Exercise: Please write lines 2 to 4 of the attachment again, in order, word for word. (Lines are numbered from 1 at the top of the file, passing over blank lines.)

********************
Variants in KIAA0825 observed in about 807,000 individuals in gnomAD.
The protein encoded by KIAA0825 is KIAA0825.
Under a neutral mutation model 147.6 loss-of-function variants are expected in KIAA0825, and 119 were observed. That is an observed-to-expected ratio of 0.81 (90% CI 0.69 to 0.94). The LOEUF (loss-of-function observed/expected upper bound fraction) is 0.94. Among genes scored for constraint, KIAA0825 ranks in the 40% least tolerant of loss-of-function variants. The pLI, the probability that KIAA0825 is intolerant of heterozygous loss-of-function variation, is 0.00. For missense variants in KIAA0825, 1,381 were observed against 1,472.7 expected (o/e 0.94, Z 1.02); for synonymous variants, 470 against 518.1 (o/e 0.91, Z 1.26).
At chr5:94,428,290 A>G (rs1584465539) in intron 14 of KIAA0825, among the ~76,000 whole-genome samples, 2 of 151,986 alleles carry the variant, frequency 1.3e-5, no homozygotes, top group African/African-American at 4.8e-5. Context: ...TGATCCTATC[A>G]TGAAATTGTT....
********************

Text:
The protein encoded by KIAA0825 is KIAA0825.
Under a neutral mutation model 147.6 loss-of-function variants are expected in KIAA0825, and 119 were observed. That is an observed-to-expected ratio of 0.81 (90% CI 0.69 to 0.94). The LOEUF (loss-of-function observed/expected upper bound fraction) is 0.94. Among genes scored for constraint, KIAA0825 ranks in the 40% least tolerant of loss-of-function variants. The pLI, the probability that KIAA0825 is intolerant of heterozygous loss-of-function variation, is 0.00. For missense variants in KIAA0825, 1,381 were observed against 1,472.7 expected (o/e 0.94, Z 1.02); for synonymous variants, 470 against 518.1 (o/e 0.91, Z 1.26).
At chr5:94,428,290 A>G (rs1584465539) in intron 14 of KIAA0825, among the ~76,000 whole-genome samples, 2 of 151,986 alleles carry the variant, frequency 1.3e-5, no homozygotes, top group African/African-American at 4.8e-5. Context: ...TGATCCTATC[A>G]TGAAATTGTT....